(Follow along as I write about what’s happening on my family’s farm, Johnson Farms, and what my brothers, Dean and Ward, are up to each week. Read previous reports here. -jb)
Things are kicking into high gear on Old Mission Peninsula farms as we hurtle towards cherry season like an out-of-control Case tractor on a non-terraced hillside. Ever since I was a kid working on our farm, this time of year literally seems like it shifts into fast-forward.
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Frost and Bees
At this writing, it doesn’t appear that frost is an issue. However, the bees like warmer weather to buzz around the orchards and do their pollinating, and aside from a few warm days early on, the weather has been somewhat cool this spring. Still, there appears to be a good showing of cherries and apples so far.
Once the cherries are pollinated, the bees are then moved to apple orchards, where the blossoms are a bit later. Below are a few pics of the hives from Sleeping Bear Farms on a parcel of land we call “The Forty” at the corner of Kroupa Road and Peninsula Drive.
As you can see, the hives were pretty “hot” that day, so I did not get out of the car, and instead took pics through the car window! This is the same land where a swarm happened a couple of years ago – which is fascinating to watch (through the car window).
Spraying and Integrated Pest Management
Because of the warm days early in the season, farmers have been spraying consistently since then to keep the fruit healthy and pest-free. Read more about Johnson Farms’ integrated pest management system here, where my nephew Nic explained the process.
There are a ton of rules regarding pest management, which is why no one is allowed in the orchards without permission. Because of farm audits, even farmers and workers are required to log in and out of orchards where they’re working. The long-ago days of me riding my horse wherever I wanted on the farm are long gone, replaced by rules and regulations.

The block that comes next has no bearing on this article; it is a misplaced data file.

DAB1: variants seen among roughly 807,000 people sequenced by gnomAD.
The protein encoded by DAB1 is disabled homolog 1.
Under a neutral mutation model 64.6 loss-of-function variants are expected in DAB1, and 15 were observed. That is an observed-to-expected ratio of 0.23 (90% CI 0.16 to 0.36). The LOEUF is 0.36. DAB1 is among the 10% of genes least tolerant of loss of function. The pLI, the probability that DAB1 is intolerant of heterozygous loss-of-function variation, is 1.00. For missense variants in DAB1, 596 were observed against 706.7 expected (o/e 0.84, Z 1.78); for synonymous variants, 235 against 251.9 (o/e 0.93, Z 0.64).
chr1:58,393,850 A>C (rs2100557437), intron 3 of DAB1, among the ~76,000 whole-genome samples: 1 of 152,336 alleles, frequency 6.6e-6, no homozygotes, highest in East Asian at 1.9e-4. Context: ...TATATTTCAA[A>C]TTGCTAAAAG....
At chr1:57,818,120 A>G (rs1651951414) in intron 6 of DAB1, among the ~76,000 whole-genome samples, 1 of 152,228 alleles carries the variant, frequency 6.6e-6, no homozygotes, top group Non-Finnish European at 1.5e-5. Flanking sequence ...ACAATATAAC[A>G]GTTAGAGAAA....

You’ve likely seen some sprayers on Old Mission Peninsula roads lately. Here’s Terry Boursaw, who works for my brother, Ward Johnson, heading north on Center Road last week. Below that are sprayers in the spray barn. You will often hear the whine of sprayers during the night, when the winds are not as fierce as in the daytime.
The photo below is a trapping device that gives daily updates on pest counts in the orchards. This system tells farmers what pests are there and in what number, helping them to know what to spray for and when. Optimizing pest control this way is another facet of Integrated Pest Management. Read more about these devices here.
In my dad’s day, farmers did more blanket spraying – spraying the hardcore stuff that killed everything. These days, Integrated Pest Management is more discerning, spraying less- and non-toxic sprays and only when needed.
Fixing Farm Equipment and Planting More Trees
Much of equipment repair and maintenance is done during the off-season months, but sometimes things break down during the busy season. Here’s my brother, Dean Johnson, working on a sprayer at the Johnson Farms shop.
Below is the young apple orchard we’ve been following for the past couple of years on the corner of Center Road and Kroupa Road. This orchard was planted in the spring of 2021. It will be a few more years before apples will be harvested here.
In case you haven’t noticed, most – if not all – of the trees planted on the farm during the past few years have been apples, not cherries. We may have to change our name from “Cherry Capital of the World” at some point.
On this same block of land, more apples are being planted directly to the west. Here’s the farm crew digging holes for the posts used in this type of high-density planting.
The apple blossoms this year have been spectacular. With their pink hues and big blooms, I look forward to the apple blossoms every year.
And just a few more blossom pics, because why not? To see more blossoms around the Old Mission Peninsula, click here.